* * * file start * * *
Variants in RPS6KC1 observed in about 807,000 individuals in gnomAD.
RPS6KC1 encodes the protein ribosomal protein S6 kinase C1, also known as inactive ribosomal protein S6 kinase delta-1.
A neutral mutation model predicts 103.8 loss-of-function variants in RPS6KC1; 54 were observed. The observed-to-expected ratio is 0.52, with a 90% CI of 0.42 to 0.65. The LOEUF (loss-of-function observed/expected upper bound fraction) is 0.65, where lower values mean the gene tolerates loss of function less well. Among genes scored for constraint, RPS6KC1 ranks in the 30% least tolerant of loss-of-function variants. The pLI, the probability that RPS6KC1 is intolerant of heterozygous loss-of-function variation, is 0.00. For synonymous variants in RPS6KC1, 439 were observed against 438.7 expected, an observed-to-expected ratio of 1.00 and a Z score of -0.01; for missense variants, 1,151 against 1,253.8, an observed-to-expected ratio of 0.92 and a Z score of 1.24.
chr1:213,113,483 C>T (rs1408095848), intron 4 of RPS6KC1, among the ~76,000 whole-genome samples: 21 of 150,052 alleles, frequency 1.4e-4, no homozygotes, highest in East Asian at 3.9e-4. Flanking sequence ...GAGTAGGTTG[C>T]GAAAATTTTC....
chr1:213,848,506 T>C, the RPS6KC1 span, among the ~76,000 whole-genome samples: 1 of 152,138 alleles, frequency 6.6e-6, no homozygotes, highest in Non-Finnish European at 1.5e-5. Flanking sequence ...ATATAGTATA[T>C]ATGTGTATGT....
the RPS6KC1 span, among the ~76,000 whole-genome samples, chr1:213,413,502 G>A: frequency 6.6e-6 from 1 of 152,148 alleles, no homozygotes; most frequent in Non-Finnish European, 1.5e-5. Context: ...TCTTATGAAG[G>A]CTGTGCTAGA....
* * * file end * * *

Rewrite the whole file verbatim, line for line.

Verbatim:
Variants in RPS6KC1 observed in about 807,000 individuals in gnomAD.
RPS6KC1 encodes the protein ribosomal protein S6 kinase C1, also known as inactive ribosomal protein S6 kinase delta-1.
A neutral mutation model predicts 103.8 loss-of-function variants in RPS6KC1; 54 were observed. The observed-to-expected ratio is 0.52, with a 90% CI of 0.42 to 0.65. The LOEUF (loss-of-function observed/expected upper bound fraction) is 0.65, where lower values mean the gene tolerates loss of function less well. Among genes scored for constraint, RPS6KC1 ranks in the 30% least tolerant of loss-of-function variants. The pLI, the probability that RPS6KC1 is intolerant of heterozygous loss-of-function variation, is 0.00. For synonymous variants in RPS6KC1, 439 were observed against 438.7 expected, an observed-to-expected ratio of 1.00 and a Z score of -0.01; for missense variants, 1,151 against 1,253.8, an observed-to-expected ratio of 0.92 and a Z score of 1.24.
chr1:213,113,483 C>T (rs1408095848), intron 4 of RPS6KC1, among the ~76,000 whole-genome samples: 21 of 150,052 alleles, frequency 1.4e-4, no homozygotes, highest in East Asian at 3.9e-4. Flanking sequence ...GAGTAGGTTG[C>T]GAAAATTTTC....
chr1:213,848,506 T>C, the RPS6KC1 span, among the ~76,000 whole-genome samples: 1 of 152,138 alleles, frequency 6.6e-6, no homozygotes, highest in Non-Finnish European at 1.5e-5. Flanking sequence ...ATATAGTATA[T>C]ATGTGTATGT....
the RPS6KC1 span, among the ~76,000 whole-genome samples, chr1:213,413,502 G>A: frequency 6.6e-6 from 1 of 152,148 alleles, no homozygotes; most frequent in Non-Finnish European, 1.5e-5. Context: ...TCTTATGAAG[G>A]CTGTGCTAGA....